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Trial of shift scheduling with standardized sign-out to improve continuity of care in intensive care units*

Emlet, Lillian L. MD, MS; Al-Khafaji, Ali MD, MPH; Kim, Yeon Hee MS; Venkataraman, Ramesh MD; Rogers, Paul L. MD; Angus, Derek C. MD, MPH, FRCP

doi: 10.1097/CCM.0b013e3182657b5d
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Background: Since 2003, the Accreditation Council for Graduate Medical Education requires residency programs to restrict to 80 hrs/wk, averaged over 4 wks to improve patient safety. These restrictions force training programs with night call responsibilities to either maintain a traditional program with alternative night float schedules or adopt a “shift” model, both with increased handoffs.

Objective: To assess whether a 65 hrs/wk shift-work schedule combined with structured sign-out curriculum is equivalent to a 65 hrs/wk traditional day coverage with night call schedule, as measured by multiple assessments.

Design: Eight-month trial of shift-work schedule with structured sign-out curriculum (intervention) vs. traditional call schedule without curriculum (control) in alternating 1–2 month periods.

Setting: A mixed medical–surgical intensive care unit at a tertiary care academic center.

Subjects: Primary subjects: 19 fellows in a Multidisciplinary Critical Care Training Program; Secondary subjects: intensive care unit nurses and attending physicians, families of intensive care unit patients.

Interventions: Implementation of shift-work schedule, combined with structured sign-out curriculum.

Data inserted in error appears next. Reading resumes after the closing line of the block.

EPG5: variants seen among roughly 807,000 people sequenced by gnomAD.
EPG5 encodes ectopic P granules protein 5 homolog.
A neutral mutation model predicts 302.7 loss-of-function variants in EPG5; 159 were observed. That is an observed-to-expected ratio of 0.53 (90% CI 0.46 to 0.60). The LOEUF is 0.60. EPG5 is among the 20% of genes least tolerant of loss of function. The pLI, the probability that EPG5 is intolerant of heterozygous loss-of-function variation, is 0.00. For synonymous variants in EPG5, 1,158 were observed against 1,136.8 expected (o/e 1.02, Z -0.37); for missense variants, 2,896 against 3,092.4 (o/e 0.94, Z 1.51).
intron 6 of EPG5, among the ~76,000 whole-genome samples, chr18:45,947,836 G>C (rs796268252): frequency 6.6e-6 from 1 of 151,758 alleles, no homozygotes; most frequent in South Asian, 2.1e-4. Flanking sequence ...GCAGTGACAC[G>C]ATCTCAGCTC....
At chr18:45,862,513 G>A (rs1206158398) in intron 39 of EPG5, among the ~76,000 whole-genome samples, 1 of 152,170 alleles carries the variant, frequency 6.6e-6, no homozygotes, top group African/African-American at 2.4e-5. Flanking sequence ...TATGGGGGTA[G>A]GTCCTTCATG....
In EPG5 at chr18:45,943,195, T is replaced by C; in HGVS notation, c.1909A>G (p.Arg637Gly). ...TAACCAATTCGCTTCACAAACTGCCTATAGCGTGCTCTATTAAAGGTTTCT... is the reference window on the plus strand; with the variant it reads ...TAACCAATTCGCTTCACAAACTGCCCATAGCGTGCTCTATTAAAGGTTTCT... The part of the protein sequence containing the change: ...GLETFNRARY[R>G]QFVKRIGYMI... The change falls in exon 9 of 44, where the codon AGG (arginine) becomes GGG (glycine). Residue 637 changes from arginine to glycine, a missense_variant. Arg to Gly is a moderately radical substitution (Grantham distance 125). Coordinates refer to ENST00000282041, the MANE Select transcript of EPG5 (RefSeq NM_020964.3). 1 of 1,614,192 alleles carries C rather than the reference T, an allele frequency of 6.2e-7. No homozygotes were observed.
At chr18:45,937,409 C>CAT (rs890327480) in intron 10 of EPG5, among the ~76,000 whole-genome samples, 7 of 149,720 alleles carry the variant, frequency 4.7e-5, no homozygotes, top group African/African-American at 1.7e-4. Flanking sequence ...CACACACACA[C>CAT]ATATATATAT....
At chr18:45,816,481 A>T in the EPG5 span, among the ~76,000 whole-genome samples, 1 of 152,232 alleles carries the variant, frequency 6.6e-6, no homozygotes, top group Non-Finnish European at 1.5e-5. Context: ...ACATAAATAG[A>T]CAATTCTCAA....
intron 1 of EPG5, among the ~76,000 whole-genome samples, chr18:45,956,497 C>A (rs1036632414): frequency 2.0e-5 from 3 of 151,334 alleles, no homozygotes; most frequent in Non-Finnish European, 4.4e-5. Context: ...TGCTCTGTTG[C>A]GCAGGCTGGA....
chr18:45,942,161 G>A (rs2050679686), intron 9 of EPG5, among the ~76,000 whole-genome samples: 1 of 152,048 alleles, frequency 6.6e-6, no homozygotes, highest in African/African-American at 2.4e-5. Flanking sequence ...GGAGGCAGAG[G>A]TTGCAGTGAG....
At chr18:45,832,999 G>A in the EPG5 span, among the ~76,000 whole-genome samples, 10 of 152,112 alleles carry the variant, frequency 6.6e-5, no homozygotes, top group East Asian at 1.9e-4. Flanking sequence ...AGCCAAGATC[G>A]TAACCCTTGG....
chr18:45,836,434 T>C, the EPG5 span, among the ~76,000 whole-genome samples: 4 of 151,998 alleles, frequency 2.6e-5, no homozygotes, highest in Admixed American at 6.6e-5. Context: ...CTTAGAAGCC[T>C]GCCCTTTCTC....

Measurements: Workplace perception assessment through Continuity of Care Survey evaluation by faculty, fellows, and nurses through structured surveys; family assessment by the Critical Care Family Needs Index survey; clinical assessment through intensive care unit mortality, intensive care unit length of stay, and intensive care unit readmission within 48 hrs; and educational impact assessment by rate of fellow didactic lecture attendance.

Main Results: There were no statistically significant differences in surveyed perceptions of continuity of care, intensive care unit mortality (8.5% vs. 6.0%, p = .20), lecture attendance (43% vs. 42%), or family satisfaction (Critical Care Family Needs Index score 24 vs. 22) between control and intervention periods. There was a significant decrease in intensive care unit length of stay (8.4 vs. 5.7 days, p = .04) with the shift model. Readmissions within 48 hrs were not different (3.6% vs. 4.9%, p = .39). Nurses preferred the intervention period (7% control vs. 73% intervention, n = 30, p = .00), and attending faculty preferred the intervention period and felt continuity of care was maintained (15% control vs. 54% intervention, n = 11, p = .15).

Conclusions: A shift-work schedule with structured sign-out curriculum is a viable alternative to traditional work schedules for the intensive care unit in training programs.

From the Clinical Research, Investigation, and Systems Modeling of Acute Illness Laboratory (AA-K, DCA), Department of Critical Care Medicine, University of Pittsburgh, Pittsburgh, PA; Multidisciplinary Critical Care Training Program (LLE, RV, PLR), Department of Critical Care Medicine, University of Pittsburgh, Pittsburgh, PA; and Department of Biostatistics (YHK), Graduate School of Public Health, University of Pittsburgh, Pittsburgh, PA.

*See also p. 3305.

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The work for this study was performed at the University of Pittsburgh Medical Center.

The authors have not disclosed any potential conflicts of interest.

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© 2012 by the Society of Critical Care Medicine and Lippincott Williams & Wilkins